Poppi slott og den morderiske fru Matilda

Poppi slott og den morderiske fru Matilda


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Poppi Castle er et middelalderslott med utsikt over Casentino -dalen i provinsen Arezzo i den italienske regionen Toscana. Dette slottet sies å ha blitt bygget rundt andre halvdel av 13 th århundre e.Kr., selv om noen kilder hevder at referanser til Poppi Castle kan bli funnet i dokumenter som dateres tilbake til slutten av 12 th århundre f.Kr. I dag regnes Poppi slott som et av Toscanas best bevarte slott.

Poppi Castle ble bygget av Guidi -familien, og forble i deres besittelse til 15 th århundre. Guidiene var en føydal familie som sies å stamme tilbake til 10 th århundre, og hadde kontroll over Casentino -dalen. Bortsett fra Poppi slott, hadde Guidi -familien andre høyborg i Casentino -dalen, så vel som i regioner lenger opp nord. En populær legende er at ved hjelp av et system med lys og speil kan Guidis sende en melding fra Poppi til den franske grensen på mindre enn 8 timer.

Slottoppsett

Slottets opprinnelige kjerne var det høye firkantede tårnet. Denne strukturen dominerte, og gjør det selv i dag, resten av slottet, så vel som den underliggende dalen. Imidlertid er det nåværende tårnet en rekonstruksjon av originalen, ettersom restaureringsarbeid måtte utføres etter at det ble skadet av et lynnedslag. Det opprinnelige tårnet var høyere og hadde machicolations (en ekstra forsvarsmekanisme, hvorfra steiner og kokende væsker kunne slippes på angriperne via åpninger i gulvet) på toppen. Ifølge legenden ble denne imponerende strukturen brukt som modell for byggingen av tårnet på Palazzo Vecchio i Firenze.

Utsikt over Poppi slott. Bildekilde: ( CC BY 2.0 )

Rundt tårnet er et inngjerdet inngjerdet, som de andre delene av slottet utviklet seg fra. Det er bare to porter som gir tilgang til Poppi Castle. Hovedporten nås ved å stige opp en bratt rampe med tilgang, og ligger på siden mot dalen og forstaden Ponte a Poppi, byens gamle markedsplass. Den andre porten ligger på siden mot torget.

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Slottet har også en beholdning, som inneholder fra laveste til høyeste etasje: et fengsel, et depositum og et boligområde. Keepet ble en gang skilt fra tårnet (bare forbundet med en bro i øverste etasje), for å gjøre det vanskeligere for angriperne å okkupere begge strukturene. I dag er tårnet og tårnet forbundet med en gardinvegg.

Poppi Castle Sett fra nord. ( CC BY-SA 3.0 )

Beryktede beboere

En av Poppi slottets mest beryktede innbyggere sies å ha vært en kvinne ved navn Matilda / Matelda. Ifølge noen kilder var Matilda kona til en eldre grev Guidi, mens andre hevder at hun var datter av den regjerende familien. Uansett var Matilda misfornøyd med ekteskapet, og søkte selskap med de unge mennene fra byen. Etter å ha invitert en av dem til slottet, ville hun overnatte hos ham. Før solen gikk opp, ville hun imidlertid sende mannen hjem.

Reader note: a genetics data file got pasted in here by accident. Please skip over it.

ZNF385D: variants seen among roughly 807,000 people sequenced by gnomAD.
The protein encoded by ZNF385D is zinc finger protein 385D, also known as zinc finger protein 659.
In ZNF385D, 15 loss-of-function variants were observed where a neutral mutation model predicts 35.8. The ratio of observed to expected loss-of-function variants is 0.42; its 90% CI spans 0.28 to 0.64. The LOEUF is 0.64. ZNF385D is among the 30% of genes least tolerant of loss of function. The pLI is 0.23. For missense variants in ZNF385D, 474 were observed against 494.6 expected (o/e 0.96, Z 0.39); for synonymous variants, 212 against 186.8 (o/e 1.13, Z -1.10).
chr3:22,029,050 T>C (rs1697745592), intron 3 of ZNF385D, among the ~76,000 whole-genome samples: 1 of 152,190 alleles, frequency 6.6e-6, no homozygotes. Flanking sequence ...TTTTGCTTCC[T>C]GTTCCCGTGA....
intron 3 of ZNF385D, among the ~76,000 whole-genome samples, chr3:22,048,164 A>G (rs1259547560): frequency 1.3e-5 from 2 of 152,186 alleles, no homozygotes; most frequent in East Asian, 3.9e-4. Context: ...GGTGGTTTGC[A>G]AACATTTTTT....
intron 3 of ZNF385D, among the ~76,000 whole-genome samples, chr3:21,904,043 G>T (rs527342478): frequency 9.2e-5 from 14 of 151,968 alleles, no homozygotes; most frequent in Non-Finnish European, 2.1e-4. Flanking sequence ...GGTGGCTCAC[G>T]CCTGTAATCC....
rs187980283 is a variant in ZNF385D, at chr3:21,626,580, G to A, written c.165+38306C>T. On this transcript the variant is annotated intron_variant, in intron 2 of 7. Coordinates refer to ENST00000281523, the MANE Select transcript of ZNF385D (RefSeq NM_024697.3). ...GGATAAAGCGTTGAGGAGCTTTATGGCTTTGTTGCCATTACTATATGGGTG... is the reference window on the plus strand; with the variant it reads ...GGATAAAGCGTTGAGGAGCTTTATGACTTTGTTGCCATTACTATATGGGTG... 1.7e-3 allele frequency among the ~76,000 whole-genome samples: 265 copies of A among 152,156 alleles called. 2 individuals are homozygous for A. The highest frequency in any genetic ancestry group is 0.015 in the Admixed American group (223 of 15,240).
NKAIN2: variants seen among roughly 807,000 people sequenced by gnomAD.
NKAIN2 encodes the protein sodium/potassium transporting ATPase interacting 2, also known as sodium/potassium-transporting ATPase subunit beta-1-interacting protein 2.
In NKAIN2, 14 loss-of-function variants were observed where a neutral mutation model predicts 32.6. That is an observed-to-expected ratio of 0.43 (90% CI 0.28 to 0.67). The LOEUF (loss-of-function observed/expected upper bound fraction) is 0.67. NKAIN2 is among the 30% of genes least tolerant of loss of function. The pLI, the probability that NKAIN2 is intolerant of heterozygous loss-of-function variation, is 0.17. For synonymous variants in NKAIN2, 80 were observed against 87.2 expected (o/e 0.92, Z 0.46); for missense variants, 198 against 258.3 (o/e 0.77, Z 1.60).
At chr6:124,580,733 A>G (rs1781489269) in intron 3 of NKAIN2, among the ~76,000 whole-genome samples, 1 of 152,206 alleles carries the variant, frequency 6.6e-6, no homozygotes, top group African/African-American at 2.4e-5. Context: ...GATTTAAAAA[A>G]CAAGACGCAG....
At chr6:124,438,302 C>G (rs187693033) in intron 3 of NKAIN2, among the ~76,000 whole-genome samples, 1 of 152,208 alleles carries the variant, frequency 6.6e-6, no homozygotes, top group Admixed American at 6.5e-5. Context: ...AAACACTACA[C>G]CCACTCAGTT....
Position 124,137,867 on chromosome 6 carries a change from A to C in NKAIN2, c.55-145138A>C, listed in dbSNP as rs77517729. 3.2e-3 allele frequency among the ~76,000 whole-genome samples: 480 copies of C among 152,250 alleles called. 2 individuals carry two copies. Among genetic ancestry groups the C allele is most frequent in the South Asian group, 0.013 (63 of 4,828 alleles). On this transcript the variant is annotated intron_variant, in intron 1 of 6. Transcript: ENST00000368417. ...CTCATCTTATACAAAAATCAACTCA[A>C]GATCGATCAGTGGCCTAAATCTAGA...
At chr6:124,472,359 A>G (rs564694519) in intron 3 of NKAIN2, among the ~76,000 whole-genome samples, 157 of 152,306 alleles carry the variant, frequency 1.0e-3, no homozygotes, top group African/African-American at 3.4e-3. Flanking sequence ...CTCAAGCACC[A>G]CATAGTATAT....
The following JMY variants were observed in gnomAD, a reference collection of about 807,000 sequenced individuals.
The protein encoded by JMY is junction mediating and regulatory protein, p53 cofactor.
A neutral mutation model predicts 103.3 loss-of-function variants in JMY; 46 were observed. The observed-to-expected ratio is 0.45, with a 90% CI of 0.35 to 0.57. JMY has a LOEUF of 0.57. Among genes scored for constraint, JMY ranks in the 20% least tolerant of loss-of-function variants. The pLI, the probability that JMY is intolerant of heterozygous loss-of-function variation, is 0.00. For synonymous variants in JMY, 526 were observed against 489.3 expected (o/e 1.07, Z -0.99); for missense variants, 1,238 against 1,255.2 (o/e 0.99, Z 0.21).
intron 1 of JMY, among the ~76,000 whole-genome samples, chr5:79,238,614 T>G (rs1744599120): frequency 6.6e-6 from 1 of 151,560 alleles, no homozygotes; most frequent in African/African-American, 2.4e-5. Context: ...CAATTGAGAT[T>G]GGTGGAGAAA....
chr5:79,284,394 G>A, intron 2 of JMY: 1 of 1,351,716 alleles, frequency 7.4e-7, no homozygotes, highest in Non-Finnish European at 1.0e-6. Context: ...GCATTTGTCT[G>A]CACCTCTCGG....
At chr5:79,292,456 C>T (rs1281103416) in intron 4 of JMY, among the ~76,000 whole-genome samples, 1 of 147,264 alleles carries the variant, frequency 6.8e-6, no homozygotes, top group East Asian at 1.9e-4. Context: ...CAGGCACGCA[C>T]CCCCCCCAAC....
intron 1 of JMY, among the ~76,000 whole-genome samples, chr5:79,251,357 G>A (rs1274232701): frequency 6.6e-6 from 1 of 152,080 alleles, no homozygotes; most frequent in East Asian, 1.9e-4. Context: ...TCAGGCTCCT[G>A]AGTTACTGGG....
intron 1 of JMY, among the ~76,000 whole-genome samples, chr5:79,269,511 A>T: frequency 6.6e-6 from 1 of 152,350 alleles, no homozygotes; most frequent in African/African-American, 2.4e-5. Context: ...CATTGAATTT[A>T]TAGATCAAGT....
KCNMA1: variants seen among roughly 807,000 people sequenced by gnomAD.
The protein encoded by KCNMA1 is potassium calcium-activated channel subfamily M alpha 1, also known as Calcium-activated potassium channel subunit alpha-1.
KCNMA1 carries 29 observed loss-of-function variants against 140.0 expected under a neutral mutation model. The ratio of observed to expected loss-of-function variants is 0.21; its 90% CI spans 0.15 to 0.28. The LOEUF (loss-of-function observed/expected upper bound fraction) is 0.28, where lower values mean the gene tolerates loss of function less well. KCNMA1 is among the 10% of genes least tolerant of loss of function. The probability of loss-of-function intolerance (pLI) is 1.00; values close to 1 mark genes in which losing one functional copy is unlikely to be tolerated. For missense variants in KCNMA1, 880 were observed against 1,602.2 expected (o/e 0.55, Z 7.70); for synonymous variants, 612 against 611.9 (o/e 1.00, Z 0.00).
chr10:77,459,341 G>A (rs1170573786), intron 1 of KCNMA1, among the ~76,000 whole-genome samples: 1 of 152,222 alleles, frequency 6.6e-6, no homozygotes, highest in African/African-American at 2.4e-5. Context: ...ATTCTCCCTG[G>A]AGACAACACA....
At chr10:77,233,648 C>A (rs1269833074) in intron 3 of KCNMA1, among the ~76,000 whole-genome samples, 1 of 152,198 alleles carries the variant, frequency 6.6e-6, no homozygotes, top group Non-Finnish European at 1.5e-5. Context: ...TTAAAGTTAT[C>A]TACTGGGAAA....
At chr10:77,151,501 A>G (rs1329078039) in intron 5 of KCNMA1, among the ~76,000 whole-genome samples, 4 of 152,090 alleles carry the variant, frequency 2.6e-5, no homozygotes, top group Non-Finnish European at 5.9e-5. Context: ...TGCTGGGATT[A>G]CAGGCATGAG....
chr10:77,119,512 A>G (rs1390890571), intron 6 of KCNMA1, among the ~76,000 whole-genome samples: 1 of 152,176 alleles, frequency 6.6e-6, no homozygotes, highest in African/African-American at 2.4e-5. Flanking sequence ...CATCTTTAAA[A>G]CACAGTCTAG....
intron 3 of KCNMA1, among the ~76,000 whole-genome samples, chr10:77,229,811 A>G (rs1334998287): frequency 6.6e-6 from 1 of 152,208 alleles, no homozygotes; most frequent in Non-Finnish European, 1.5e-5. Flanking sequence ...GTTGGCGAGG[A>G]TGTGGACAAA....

Poppi slott fra Andrea Mignolo | Blinkende by på Vimeo.

Matilda sies å ha brukt bakdøren, for å unngå å bli fanget i hor. For å sikre at ryktet hennes ikke ble tilsmusset, ville hun stille sine elskere for godt. Uten at de visste det, inneholdt stien som ble vist dem av Matilda en falldør, som sendte elskerne til å falle i døden. Forsvinningen av unge menn ga snart mistanke til byfolket. Til slutt stormet en sint mobb på slottet, fanget Matilda, lot henne mure i tårnet og dro for å dø. Ifølge noen kilder forfølger spøkelsen til Matilda fortsatt slottet.

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Slutt på Guidis -regelen

I 1440 mistet Guidi -familien Poppi -slottet, som falt i hendene på Republikken Firenze. Det er registrert at Guidi -familien hadde støttet Milan under en av deres konflikter med Firenze. Da milaneserne ble beseiret av florentinerne, ble Guidi -familien tvunget til å overgi seg. Poppi slott ble beslaglagt av florentinerne, og guidiene ble eksilert, og dermed tok slutt på deres styre i Casentino -dalen.

Utsikt over det gotiske tårnet og merlons på Castle of Poppi ( CC BY 2.0 )


Slottet i Wolfenbach

Slottet i Wolfenbach (1793) er den mest kjente romanen [1] skrevet av den engelske gotiske forfatteren Eliza Parsons. Først utgitt i to bind i 1793, er den blant de syv "fryktelige romanene" anbefalt av karakteren Isabella Thorpe i Jane Austens roman Northanger Abbey og et viktig tidlig verk i sjangeren, før Ann Radcliffes Udolphos mysterier og Monk Lewis Munken.

Kjære skapning! Hvor mye jeg er forpliktet til deg og når du er ferdig Udolpho, vil vi lese Den italienske sammen, og jeg har laget en liste med ti eller tolv flere av samme slag for deg.

Har du det, virkelig! Hvor glad jeg er! Hva er de alle?